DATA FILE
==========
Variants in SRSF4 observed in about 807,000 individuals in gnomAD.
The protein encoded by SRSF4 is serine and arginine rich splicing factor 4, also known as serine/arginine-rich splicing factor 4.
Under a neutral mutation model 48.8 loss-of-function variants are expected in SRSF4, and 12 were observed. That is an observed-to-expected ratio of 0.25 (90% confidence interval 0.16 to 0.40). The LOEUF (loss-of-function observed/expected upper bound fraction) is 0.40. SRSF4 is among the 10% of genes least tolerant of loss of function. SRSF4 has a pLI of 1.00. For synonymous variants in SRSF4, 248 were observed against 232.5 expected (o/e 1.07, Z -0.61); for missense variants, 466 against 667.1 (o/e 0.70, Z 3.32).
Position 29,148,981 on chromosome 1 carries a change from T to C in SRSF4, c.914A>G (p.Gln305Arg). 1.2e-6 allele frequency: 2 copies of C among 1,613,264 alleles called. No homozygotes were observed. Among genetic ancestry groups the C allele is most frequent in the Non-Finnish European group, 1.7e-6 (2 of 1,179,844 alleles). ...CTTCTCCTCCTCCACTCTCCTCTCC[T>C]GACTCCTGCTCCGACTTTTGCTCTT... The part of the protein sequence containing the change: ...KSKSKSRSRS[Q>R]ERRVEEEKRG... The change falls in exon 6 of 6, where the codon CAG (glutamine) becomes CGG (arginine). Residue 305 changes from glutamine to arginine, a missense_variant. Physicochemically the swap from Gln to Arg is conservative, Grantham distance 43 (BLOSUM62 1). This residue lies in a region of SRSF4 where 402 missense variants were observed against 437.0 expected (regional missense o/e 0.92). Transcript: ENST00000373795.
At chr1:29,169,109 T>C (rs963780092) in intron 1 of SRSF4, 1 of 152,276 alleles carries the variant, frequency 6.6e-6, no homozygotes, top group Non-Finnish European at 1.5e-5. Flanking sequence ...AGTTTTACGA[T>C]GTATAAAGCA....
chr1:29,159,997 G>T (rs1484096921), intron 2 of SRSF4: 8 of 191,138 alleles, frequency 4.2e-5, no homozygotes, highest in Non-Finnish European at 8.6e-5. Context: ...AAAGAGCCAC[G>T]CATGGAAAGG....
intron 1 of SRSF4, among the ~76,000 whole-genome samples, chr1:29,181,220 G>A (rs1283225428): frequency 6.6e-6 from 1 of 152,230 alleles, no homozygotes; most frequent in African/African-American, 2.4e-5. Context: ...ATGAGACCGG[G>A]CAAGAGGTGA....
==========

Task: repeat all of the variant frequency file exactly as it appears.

Variants in SRSF4 observed in about 807,000 individuals in gnomAD.
The protein encoded by SRSF4 is serine and arginine rich splicing factor 4, also known as serine/arginine-rich splicing factor 4.
Under a neutral mutation model 48.8 loss-of-function variants are expected in SRSF4, and 12 were observed. That is an observed-to-expected ratio of 0.25 (90% confidence interval 0.16 to 0.40). The LOEUF (loss-of-function observed/expected upper bound fraction) is 0.40. SRSF4 is among the 10% of genes least tolerant of loss of function. SRSF4 has a pLI of 1.00. For synonymous variants in SRSF4, 248 were observed against 232.5 expected (o/e 1.07, Z -0.61); for missense variants, 466 against 667.1 (o/e 0.70, Z 3.32).
Position 29,148,981 on chromosome 1 carries a change from T to C in SRSF4, c.914A>G (p.Gln305Arg). 1.2e-6 allele frequency: 2 copies of C among 1,613,264 alleles called. No homozygotes were observed. Among genetic ancestry groups the C allele is most frequent in the Non-Finnish European group, 1.7e-6 (2 of 1,179,844 alleles). ...CTTCTCCTCCTCCACTCTCCTCTCC[T>C]GACTCCTGCTCCGACTTTTGCTCTT... The part of the protein sequence containing the change: ...KSKSKSRSRS[Q>R]ERRVEEEKRG... The change falls in exon 6 of 6, where the codon CAG (glutamine) becomes CGG (arginine). Residue 305 changes from glutamine to arginine, a missense_variant. Physicochemically the swap from Gln to Arg is conservative, Grantham distance 43 (BLOSUM62 1). This residue lies in a region of SRSF4 where 402 missense variants were observed against 437.0 expected (regional missense o/e 0.92). Transcript: ENST00000373795.
At chr1:29,169,109 T>C (rs963780092) in intron 1 of SRSF4, 1 of 152,276 alleles carries the variant, frequency 6.6e-6, no homozygotes, top group Non-Finnish European at 1.5e-5. Flanking sequence ...AGTTTTACGA[T>C]GTATAAAGCA....
chr1:29,159,997 G>T (rs1484096921), intron 2 of SRSF4: 8 of 191,138 alleles, frequency 4.2e-5, no homozygotes, highest in Non-Finnish European at 8.6e-5. Context: ...AAAGAGCCAC[G>T]CATGGAAAGG....
intron 1 of SRSF4, among the ~76,000 whole-genome samples, chr1:29,181,220 G>A (rs1283225428): frequency 6.6e-6 from 1 of 152,230 alleles, no homozygotes; most frequent in African/African-American, 2.4e-5. Context: ...ATGAGACCGG[G>A]CAAGAGGTGA....